9 hours ago, chugh43 said:

Returning associates generally will request where they'd like to work for the next season, but it's not always guaranteed. 

There's also, typically, a hierarchy.

When I was there... many moons ago... Each large ride typically had two leads, who if not promoted, maintain the "training up" of the crew.  If the leads were promoted before, during or after a season, previous vested crew members could request to be promoted to lead of a ride.  In terms of non-lead returning staff, they typically got to request on which attractions they'd like to work.  New hires were then used to fill in the gaps left by non-returning employees or skeleton crews.

Now, it's been nearly 20 years since I worked there, but I'll give you my experience.  I took a PT job there on weekends, requested a position on a coaster and was immediately "placed" on the "Outer Limits: Flight of Fear" crew.  (FYI, this was back when there were still official uniforms for the OLFOF crew - yes, I wore the beret!) I didnt begin working there until late summer - fall season only, so I was not fast-tracked to "drive."  However I was trained and tested on driving the coaster late in my tenure that season.

The following season, at the returning employee job fair, I requested "Beast."  I was immediately placed there and it became my "home" ride.  However as an experienced and dependable employee on what was (then) one of the best (and hardest working) crews in the park, I (along with many of The Beast crew members) was subsequently trained on about 20 other rides throughout the season.  I would get "sent" to a ride if someone called in, or the crew fell short.  They could easily train brand new in-coming rides employees, even on their first day, to check lap bars on Beast (or other major attractions.)  This allowed seasoned ride ops to be "sent" to fill in on attractions that required them to be "signed off" to operate.

The third season, I returned to the fair and made the request to be on "Son of Beast's" inaugural crew.  I was informed part time employees would no longer be considered for crews of major rides.  The Operations manager, at the time, had made a sweeping decision (which they ultimately reversed as the season got underway- but only after many seasoned part-timers declined to return.) and I was a casualty.  Seeing the limitations, I made the decision to end my tenure there.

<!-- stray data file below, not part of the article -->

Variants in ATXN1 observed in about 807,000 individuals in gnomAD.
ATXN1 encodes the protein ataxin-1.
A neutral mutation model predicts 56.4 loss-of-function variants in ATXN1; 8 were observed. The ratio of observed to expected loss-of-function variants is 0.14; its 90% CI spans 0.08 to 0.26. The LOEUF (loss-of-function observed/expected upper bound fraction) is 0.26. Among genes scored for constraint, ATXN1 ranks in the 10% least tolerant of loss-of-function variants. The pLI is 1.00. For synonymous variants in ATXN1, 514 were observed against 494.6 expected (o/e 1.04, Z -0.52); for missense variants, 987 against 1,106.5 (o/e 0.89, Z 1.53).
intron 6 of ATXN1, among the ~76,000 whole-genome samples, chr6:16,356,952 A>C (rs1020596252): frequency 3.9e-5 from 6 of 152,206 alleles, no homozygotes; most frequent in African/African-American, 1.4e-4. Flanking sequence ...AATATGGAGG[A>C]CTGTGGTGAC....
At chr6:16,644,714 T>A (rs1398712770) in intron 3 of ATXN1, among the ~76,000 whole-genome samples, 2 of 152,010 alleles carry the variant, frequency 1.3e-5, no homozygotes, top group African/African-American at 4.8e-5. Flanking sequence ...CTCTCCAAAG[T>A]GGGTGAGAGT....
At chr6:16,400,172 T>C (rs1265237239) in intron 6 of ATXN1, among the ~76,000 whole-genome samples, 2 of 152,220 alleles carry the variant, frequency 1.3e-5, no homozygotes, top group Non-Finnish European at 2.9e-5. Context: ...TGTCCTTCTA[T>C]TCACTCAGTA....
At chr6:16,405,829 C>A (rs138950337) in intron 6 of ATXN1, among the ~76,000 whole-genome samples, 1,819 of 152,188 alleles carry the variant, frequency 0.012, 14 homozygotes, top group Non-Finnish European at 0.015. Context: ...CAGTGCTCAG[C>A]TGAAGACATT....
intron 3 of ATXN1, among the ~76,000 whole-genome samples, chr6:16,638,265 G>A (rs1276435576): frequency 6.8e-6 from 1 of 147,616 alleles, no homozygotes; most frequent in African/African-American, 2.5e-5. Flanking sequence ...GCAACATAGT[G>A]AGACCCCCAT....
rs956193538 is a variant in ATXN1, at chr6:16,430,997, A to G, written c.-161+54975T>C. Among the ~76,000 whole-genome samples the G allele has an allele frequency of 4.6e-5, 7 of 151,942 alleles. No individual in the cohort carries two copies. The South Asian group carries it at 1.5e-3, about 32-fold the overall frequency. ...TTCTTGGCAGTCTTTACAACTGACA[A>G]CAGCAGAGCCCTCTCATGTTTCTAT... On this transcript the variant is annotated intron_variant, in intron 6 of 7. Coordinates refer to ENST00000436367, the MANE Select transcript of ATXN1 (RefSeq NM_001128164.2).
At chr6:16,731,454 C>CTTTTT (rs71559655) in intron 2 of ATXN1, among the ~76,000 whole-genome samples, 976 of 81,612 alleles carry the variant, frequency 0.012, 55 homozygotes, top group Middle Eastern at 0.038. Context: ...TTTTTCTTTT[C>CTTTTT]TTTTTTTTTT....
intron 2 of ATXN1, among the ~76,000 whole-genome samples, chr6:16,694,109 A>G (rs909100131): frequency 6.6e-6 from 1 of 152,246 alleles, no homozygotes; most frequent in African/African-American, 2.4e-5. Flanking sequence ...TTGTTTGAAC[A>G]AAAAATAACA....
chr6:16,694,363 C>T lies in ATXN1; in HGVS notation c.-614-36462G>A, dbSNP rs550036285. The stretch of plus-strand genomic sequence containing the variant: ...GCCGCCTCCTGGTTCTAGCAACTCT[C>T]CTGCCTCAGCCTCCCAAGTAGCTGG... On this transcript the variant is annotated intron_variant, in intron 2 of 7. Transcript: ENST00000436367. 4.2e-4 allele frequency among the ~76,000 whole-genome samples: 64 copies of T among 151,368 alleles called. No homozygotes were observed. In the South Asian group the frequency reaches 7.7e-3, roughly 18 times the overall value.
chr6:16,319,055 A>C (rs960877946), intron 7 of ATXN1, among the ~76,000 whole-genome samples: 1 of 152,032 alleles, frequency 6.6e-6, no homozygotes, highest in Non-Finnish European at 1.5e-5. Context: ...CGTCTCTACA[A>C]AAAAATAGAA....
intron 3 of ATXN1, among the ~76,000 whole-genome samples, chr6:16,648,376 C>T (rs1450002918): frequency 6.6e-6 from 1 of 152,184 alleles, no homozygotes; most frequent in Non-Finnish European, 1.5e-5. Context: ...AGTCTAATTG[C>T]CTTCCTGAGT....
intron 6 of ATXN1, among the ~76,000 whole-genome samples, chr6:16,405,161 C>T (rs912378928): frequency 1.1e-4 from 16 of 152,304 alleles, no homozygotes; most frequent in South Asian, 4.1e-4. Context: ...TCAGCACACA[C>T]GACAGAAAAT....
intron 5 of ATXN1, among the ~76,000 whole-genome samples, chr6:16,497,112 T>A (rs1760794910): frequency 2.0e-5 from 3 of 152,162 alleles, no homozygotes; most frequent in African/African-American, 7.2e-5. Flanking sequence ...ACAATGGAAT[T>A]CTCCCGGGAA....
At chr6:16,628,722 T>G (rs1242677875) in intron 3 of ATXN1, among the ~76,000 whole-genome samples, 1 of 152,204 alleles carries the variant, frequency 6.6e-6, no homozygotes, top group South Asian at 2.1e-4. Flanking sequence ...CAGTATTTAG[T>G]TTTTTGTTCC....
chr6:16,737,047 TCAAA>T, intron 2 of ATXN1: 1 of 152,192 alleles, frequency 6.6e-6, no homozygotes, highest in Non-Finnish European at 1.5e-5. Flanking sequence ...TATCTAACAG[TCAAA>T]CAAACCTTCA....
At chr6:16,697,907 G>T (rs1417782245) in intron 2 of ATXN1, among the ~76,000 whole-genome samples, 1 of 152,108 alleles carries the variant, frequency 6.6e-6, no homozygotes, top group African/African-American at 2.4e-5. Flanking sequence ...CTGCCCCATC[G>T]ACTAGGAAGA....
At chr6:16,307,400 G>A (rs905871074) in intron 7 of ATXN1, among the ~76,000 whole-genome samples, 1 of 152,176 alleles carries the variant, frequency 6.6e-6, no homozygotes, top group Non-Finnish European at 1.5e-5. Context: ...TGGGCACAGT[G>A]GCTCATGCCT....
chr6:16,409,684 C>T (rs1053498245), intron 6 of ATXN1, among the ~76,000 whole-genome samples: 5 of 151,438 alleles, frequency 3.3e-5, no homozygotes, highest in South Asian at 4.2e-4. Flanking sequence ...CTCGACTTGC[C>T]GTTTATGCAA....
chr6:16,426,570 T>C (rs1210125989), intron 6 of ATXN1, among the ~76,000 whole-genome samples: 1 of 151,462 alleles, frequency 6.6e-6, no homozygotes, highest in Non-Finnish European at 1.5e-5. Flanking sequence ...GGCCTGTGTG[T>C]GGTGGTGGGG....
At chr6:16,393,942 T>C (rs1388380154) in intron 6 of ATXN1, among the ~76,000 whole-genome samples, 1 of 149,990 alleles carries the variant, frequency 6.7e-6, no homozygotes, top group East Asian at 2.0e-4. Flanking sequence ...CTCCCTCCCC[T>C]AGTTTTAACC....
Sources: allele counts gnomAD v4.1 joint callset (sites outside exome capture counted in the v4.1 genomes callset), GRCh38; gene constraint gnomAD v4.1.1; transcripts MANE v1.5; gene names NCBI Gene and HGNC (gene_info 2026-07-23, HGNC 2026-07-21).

In an ironic twist, that very summer, I left my full-time employer in Cincy to relocate to Louisville for a job with a company I have loved for 17 years now... so, in the end, I would have had to turn down the KI seasonal job anyway. 

I'll say that my time working as a ride op at KI was extremely fun, exciting, memorable - but also hot and hard work.  It ultimately created great memories for me, and I am very appreciative of the experience I had there.  Plus, it allowed me to check "Driving The Beast" off my bucket list.

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Here's a fun memory I neglected to add to my above post...

Without a doubt, the hardest ride to operate was the now-gone Boo Boo's Baggage Claim.  It was a kiddie Turtle ride that required the op to time the stop so it landed perfectly in line with the load platform.  Inevitably that thing would fall a foot short, or a foot long.  I only managed to get that darn thing to stop in the right place about 1 out of 10 times.  It was soooooo touchy.  "Sit down kids... you're going around again!"

Oh, and the attraction that everyone hated... and I mean HATED to be "sent" to was "Hand Carts" in HB Land.  You spent all day chasing kids who left the vehicle or walking those stupid cars around that whole track when they stopped pedaling about 1/3 of the way through.  They were about 2 inches off the ground, so you were bent over all day.  If you were on shift on your home ride and you got told to go to "South Pie" to help - you were doomed - that meant Hand Carts.  FYI... this attraction lasted as long as it did because the VP of Operations for years and years at KI, Don Miller, had ridden them as a kid at Coney island and they were his favorite memory.  

The ride everyone JUMPED at the chance to go to was WWC.  Although it was very hot and hard walking on that platform, it meant you would get rotated to the tower where you got to squirt people.  Some of the best laughs I have EVER had at KI... as an employee or guest... was working that tower.  Man it was fun.

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I can't really say I had many funny memories working in food, but there were the hardships.  Anytime leaves clogged the drain during a rain storm, the stand (RT Potato Works) flooded with about an inch of water on the floor.  Same would happen at the very back of WINGS' (now Reds HOF Grille) kitchen (I closed there a few times, even on weekdays I didn't get out until well after midnight). Also, from what I remember, the storage areas of RT LaRosa's weren't kept up very well (we got rotated to Happy Days as well and on rare occasions, Festhaus, that place is the worst place to close just on its sheer size alone).